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Snack-attack: more ripened apple bananas! I ended up having four of these bananas–though I did genuinely want to eat some more, my mother didn’t want to buy me the whole batch of bananas. Even more unfortunately, one of the farmers started dragging a piglet from a rope to show some visitors who wanted to see the animals. The piglet was screeching with fright and hesitance as the farmer continued to yank with more force. My family and I just watched quietly and somberly. I almost didn’t want to believe that this was the reality of the experience. I wished I said something. Now, I’m devastated I didn’t.

 

Sorry to suddenly diverge on a pretty depressing note! Anyhow, when my family and I returned to the designated vehicle, I munched on some dried fruit and vegetable chips. I tried to avoid the sour stalk and stem chips as much as possible. Hands down, the apple banana chips and sweet potato chips were my favorites!

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Right before we entered the Cu Chi tunnel exhibition, my grandmother had to introduce us to coconut yucca. It was mainly for me, because I had to skimp on lunch when the rest of my family consumed pho.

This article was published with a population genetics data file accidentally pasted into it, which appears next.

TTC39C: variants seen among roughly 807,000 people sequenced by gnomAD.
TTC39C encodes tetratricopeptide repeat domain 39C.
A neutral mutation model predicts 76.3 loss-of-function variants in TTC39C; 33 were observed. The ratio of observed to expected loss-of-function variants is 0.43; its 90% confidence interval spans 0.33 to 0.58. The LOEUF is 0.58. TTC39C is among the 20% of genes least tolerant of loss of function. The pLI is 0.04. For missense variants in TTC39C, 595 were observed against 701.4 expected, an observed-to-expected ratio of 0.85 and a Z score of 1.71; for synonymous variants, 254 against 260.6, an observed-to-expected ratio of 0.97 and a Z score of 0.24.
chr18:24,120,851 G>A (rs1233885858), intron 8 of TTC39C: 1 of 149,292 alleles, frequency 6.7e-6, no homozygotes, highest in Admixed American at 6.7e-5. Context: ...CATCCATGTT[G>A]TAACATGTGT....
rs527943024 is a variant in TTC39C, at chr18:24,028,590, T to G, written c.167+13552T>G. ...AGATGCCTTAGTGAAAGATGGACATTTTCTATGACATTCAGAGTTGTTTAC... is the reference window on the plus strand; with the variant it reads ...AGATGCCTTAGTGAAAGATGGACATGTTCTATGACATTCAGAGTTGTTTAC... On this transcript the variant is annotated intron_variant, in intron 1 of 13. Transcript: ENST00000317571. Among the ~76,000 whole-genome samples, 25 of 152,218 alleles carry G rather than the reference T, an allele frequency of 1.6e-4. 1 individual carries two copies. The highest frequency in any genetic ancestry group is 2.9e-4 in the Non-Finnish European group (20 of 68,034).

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Even if I did have something to eat at lunch, I would have wholeheartedly preferred this coconut yucca. It was mindblowingly delicious! The yucca was soft, dense, hearty, and filling like a potato, but the sweetness and fatty flavors from the coconut melded so perfectly with the yucca. I ate the entire bag so swiftly!

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Hello, Cu Chi tunnel exhibition! Our family bought tickets for a tour guide (we actually picked the local tour because 90% of us are, well, locals who speak Vietnamese!) and started exploring the history of the Vietnam War once it started! My mother told my sisters and I to pretend that nothing seemed too foreign in order to mesh into the social etiquette of the locals. It was pretty easy to do so. Even though I didn’t understand a single word that my tour guide spoke, it was thrilling to explore each escape tunnel and trap that was preserved from the war!